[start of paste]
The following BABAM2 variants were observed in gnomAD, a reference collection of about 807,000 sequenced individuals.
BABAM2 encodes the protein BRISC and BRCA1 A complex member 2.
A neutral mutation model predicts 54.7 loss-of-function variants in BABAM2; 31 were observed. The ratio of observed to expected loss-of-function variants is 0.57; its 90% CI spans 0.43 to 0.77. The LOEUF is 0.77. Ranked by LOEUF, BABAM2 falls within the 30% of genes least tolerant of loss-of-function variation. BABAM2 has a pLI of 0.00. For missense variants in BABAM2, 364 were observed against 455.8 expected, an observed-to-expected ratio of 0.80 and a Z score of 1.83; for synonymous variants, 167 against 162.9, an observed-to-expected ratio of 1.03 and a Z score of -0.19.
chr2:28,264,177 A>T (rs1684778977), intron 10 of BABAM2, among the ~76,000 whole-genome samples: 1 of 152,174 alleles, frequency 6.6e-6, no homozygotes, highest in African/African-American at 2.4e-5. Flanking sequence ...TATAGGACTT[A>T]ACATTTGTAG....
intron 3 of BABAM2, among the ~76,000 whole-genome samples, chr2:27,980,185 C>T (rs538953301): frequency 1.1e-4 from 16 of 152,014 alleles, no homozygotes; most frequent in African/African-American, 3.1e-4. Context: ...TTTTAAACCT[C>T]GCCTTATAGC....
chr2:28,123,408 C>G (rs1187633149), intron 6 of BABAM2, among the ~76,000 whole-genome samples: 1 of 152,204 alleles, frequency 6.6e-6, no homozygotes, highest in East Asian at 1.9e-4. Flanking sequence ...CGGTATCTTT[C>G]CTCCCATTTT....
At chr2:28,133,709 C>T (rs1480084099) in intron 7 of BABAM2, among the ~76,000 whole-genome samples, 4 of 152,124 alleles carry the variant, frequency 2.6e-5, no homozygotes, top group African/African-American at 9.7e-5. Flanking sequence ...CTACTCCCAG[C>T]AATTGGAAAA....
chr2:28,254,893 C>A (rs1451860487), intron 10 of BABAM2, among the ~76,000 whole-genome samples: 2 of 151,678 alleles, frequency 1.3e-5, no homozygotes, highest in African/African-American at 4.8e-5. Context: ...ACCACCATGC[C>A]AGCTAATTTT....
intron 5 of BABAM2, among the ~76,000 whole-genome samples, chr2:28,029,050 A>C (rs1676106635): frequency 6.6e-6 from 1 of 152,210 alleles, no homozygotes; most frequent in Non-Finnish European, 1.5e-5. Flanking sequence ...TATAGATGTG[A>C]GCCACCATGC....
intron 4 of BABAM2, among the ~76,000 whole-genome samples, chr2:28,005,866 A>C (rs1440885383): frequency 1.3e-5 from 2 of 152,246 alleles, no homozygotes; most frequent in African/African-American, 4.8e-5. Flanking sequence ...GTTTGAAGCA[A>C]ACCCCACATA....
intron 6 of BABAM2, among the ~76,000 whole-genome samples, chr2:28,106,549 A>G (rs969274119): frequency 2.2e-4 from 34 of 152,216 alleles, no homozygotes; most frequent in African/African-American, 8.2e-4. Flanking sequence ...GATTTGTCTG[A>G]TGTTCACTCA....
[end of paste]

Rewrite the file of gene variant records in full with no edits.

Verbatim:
The following BABAM2 variants were observed in gnomAD, a reference collection of about 807,000 sequenced individuals.
BABAM2 encodes the protein BRISC and BRCA1 A complex member 2.
A neutral mutation model predicts 54.7 loss-of-function variants in BABAM2; 31 were observed. The ratio of observed to expected loss-of-function variants is 0.57; its 90% CI spans 0.43 to 0.77. The LOEUF is 0.77. Ranked by LOEUF, BABAM2 falls within the 30% of genes least tolerant of loss-of-function variation. BABAM2 has a pLI of 0.00. For missense variants in BABAM2, 364 were observed against 455.8 expected, an observed-to-expected ratio of 0.80 and a Z score of 1.83; for synonymous variants, 167 against 162.9, an observed-to-expected ratio of 1.03 and a Z score of -0.19.
chr2:28,264,177 A>T (rs1684778977), intron 10 of BABAM2, among the ~76,000 whole-genome samples: 1 of 152,174 alleles, frequency 6.6e-6, no homozygotes, highest in African/African-American at 2.4e-5. Flanking sequence ...TATAGGACTT[A>T]ACATTTGTAG....
intron 3 of BABAM2, among the ~76,000 whole-genome samples, chr2:27,980,185 C>T (rs538953301): frequency 1.1e-4 from 16 of 152,014 alleles, no homozygotes; most frequent in African/African-American, 3.1e-4. Context: ...TTTTAAACCT[C>T]GCCTTATAGC....
chr2:28,123,408 C>G (rs1187633149), intron 6 of BABAM2, among the ~76,000 whole-genome samples: 1 of 152,204 alleles, frequency 6.6e-6, no homozygotes, highest in East Asian at 1.9e-4. Flanking sequence ...CGGTATCTTT[C>G]CTCCCATTTT....
At chr2:28,133,709 C>T (rs1480084099) in intron 7 of BABAM2, among the ~76,000 whole-genome samples, 4 of 152,124 alleles carry the variant, frequency 2.6e-5, no homozygotes, top group African/African-American at 9.7e-5. Flanking sequence ...CTACTCCCAG[C>T]AATTGGAAAA....
chr2:28,254,893 C>A (rs1451860487), intron 10 of BABAM2, among the ~76,000 whole-genome samples: 2 of 151,678 alleles, frequency 1.3e-5, no homozygotes, highest in African/African-American at 4.8e-5. Context: ...ACCACCATGC[C>A]AGCTAATTTT....
intron 5 of BABAM2, among the ~76,000 whole-genome samples, chr2:28,029,050 A>C (rs1676106635): frequency 6.6e-6 from 1 of 152,210 alleles, no homozygotes; most frequent in Non-Finnish European, 1.5e-5. Flanking sequence ...TATAGATGTG[A>C]GCCACCATGC....
intron 4 of BABAM2, among the ~76,000 whole-genome samples, chr2:28,005,866 A>C (rs1440885383): frequency 1.3e-5 from 2 of 152,246 alleles, no homozygotes; most frequent in African/African-American, 4.8e-5. Flanking sequence ...GTTTGAAGCA[A>C]ACCCCACATA....
intron 6 of BABAM2, among the ~76,000 whole-genome samples, chr2:28,106,549 A>G (rs969274119): frequency 2.2e-4 from 34 of 152,216 alleles, no homozygotes; most frequent in African/African-American, 8.2e-4. Flanking sequence ...GATTTGTCTG[A>G]TGTTCACTCA....